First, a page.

Niagara Gazette — Motion picture studios thrive on caper thrillers and science fiction films, so it’s no surprise that two new entries in these genres are part of the early “summer” box office rush.
Neither “Now You See Me,” about magicians pulling a heist, nor “After Earth,” about the planet Earth after its collapse, is one for the ages, although the heist picture is certainly a bit more tantalizing.
In a Las Vegas auditorium, four talented magicians, with the unwitting help of a pleasant Frenchman, seem to rob a bank in Paris successfully. It’s a clever trick, one that will be explained later in the film. I’m a fan of magic, especially sleight-of-hand work. A good friend of mine, Victor Trabucco, is not only a master glass artist, but he’s also a master magician, and he even holds a patent on a magic trick he invented. I have sat inches away from him when he’s performed card tricks, and I am always amazed. I wish all movies astonished me that way.
I enjoy not knowing how tricks are created and carried out. So I have to admit that I was genuinely surprised when, in “Now You See Me,” we are let in on the secret of how the Paris bank robbery was done all the way from Nevada. I wish the movie had maintained that sense of wonder.
A quartet of happy-go-lucky magicians, Woody Harrelson, Isla Fisher, Dave Franco, and Jesse Eisenberg, are known as “The Four Horsemen,” but they are basically con artists. They are called upon by a mysterious stranger to carry out a major heist in New York City after having impressed everyone with their Vegas feat of legerdemain. The film also makes a brief stop in New Orleans.
Before the New York caper, the madcap magicians will bedevil a millionaire insurance executive (Michael Caine) and will be studied by a famous debunker of magic (Morgan Freeman). The foursome is also being pursued by Mark Ruffalo’s FBI agent, who is the slovenliest and most unlikely federal agent I’ve ever seen. He's flustered and angry and a genuine slob. He makes Peter Falk’s rumpled, scattered Detective Columbo seem like a cool, calm and collected neat freak. Ruffalo is joined by Melanie Laurent’s Parisian Interpol sleuth, who is smarter and more confident than anyone in the FBI.
The story leads to an extravagant, over-the-top showdown filled with strobe lights and confetti and helicopters zooming over huge crowds watching a magic trick from the rooftops of New York. There’s too much silly activity for the pay-off it delivers. The heist seems an afterthought.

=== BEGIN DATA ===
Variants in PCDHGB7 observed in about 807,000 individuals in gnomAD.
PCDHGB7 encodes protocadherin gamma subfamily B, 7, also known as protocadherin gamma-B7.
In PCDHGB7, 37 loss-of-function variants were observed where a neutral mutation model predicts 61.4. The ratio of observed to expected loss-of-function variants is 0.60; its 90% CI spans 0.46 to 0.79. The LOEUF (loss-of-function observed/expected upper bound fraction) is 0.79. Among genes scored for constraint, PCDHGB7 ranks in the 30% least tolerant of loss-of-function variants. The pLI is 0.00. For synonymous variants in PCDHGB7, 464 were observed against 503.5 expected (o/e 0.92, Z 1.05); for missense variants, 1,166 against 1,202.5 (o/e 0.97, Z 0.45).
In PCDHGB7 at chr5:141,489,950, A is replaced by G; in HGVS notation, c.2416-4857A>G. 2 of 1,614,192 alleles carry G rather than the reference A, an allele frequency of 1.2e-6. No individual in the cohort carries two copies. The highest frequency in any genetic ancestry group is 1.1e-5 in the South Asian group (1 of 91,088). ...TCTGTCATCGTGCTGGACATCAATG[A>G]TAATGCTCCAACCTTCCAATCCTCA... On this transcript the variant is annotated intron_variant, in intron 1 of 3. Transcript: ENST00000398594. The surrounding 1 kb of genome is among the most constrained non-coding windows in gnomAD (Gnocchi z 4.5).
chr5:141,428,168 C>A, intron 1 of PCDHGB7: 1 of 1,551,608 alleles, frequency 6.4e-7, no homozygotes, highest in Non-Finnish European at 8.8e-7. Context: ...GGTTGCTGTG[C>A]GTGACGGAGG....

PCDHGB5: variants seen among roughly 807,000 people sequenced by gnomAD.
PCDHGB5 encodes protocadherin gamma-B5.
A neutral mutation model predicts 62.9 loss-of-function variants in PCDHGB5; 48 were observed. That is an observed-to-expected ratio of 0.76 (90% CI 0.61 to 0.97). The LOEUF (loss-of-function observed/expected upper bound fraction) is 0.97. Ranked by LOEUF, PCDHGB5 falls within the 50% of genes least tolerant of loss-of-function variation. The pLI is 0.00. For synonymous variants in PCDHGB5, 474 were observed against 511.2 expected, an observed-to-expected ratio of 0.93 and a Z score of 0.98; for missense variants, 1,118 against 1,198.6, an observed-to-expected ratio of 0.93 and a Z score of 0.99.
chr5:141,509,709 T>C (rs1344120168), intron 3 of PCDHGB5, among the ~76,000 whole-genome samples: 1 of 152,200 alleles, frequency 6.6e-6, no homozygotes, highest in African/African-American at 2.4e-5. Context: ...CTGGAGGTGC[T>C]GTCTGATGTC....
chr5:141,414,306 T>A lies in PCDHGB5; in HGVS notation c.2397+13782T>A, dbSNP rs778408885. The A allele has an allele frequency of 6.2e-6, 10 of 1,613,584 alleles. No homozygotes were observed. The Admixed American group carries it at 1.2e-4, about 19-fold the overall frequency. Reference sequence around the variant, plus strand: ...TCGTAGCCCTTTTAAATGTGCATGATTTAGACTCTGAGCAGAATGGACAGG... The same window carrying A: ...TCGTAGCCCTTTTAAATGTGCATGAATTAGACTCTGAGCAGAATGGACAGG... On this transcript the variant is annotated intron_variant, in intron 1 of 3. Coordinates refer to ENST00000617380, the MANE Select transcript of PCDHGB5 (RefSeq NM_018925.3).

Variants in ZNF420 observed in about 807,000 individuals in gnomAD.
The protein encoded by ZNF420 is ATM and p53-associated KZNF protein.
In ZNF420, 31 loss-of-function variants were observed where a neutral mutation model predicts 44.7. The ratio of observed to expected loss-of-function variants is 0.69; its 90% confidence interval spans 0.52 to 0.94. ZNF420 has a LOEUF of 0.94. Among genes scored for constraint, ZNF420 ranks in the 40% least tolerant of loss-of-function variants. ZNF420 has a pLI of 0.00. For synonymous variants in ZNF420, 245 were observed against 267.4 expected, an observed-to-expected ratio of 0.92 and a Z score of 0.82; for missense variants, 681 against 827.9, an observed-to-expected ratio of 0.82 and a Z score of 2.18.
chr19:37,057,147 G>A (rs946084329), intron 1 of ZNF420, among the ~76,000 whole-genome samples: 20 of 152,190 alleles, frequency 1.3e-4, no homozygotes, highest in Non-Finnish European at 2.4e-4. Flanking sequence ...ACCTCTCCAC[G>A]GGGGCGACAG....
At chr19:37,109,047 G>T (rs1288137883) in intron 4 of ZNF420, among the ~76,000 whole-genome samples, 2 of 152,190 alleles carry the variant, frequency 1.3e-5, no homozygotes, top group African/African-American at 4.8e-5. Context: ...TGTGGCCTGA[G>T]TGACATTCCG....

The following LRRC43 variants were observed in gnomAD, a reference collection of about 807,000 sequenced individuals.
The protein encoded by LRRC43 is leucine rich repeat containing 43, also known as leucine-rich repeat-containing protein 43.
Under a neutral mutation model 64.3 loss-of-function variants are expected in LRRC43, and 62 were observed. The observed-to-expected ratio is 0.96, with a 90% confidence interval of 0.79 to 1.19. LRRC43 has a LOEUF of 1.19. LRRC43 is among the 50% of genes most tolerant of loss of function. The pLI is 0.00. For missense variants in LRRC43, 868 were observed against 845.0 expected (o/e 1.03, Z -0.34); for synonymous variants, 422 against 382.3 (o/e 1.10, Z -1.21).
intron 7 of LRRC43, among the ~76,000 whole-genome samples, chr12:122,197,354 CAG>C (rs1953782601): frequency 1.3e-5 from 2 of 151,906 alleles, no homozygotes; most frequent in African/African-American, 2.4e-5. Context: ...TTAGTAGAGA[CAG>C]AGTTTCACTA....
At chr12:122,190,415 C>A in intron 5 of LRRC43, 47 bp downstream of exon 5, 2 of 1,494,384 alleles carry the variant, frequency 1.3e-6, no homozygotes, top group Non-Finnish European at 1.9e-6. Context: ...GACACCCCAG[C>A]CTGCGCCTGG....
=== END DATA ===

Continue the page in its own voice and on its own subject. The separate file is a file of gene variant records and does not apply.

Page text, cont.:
For an hour, when it concentrates on magic, “Now You See Me” delivers the goods. Then it gets mired in action movie clichés, including car chases and martial arts fighting. Suddenly, Franco’s character becomes Bruce Lee.
Overall, the film is pleasantly acted, especially by Freeman, Laurent, Caine, and Harrelson. They never turn their characters into stereotypes. The screenplay by Ed Solomon, Boaz Yakin, and Edward Ricourt runs out of gas before the big reveal of who ordered the NYC caper. Director Louis Leterrier, who made the first two “Transporter” movies and the “Incredible Hulk” remake with Edward Norton, does the best he can with what he’s given. However, letting slide the film’s roots in magic is a mistake.
“After Earth” is one of the worst movies I’ve seen, and that’s saying something. The film is a vanity production organized by actor Will Smith. He, his wife Jada Pinkett Smith, and her younger brother Caleeb Pinkett are producers. Will, who wrote the screen story, stars with his son Jaden in what is essentially a two-character science fiction melodrama that hasn’t much science but does have a lot of tedious fiction. The actual screenplay is by failed director M. Night Shyamalan and Gary Whitta, neither of whom exhibit an ounce of interest in originality or interesting philosophy.
Yet again, Earth has to be abandoned because of something or other. We are led to believe that humans have the ability to send everyone into orbit and colonize nether worlds, but they can’t fix their own planet’s problems.
Will Smith plays Cypher Raige, who has to transport a creature somewhere. He takes his son (Jaden) along for the ride. They crash back on Earth. Will’s legs are broken. Shipbound, he has to help his son search for a communication device that will bring rescuers. The hunt is dull. None of this is helped by the fact that Will, an action star, is immobile, or that Jaden lacks the acting skills required to take on any believable tasks.
“After Earth” is cheesy-looking and ponderous. Regardless of all the professionals involved, it’s an amateurish misadventure on every level.
Michael Calleri reviews films for Night and Day. Contact him at firstname.lastname@example.org.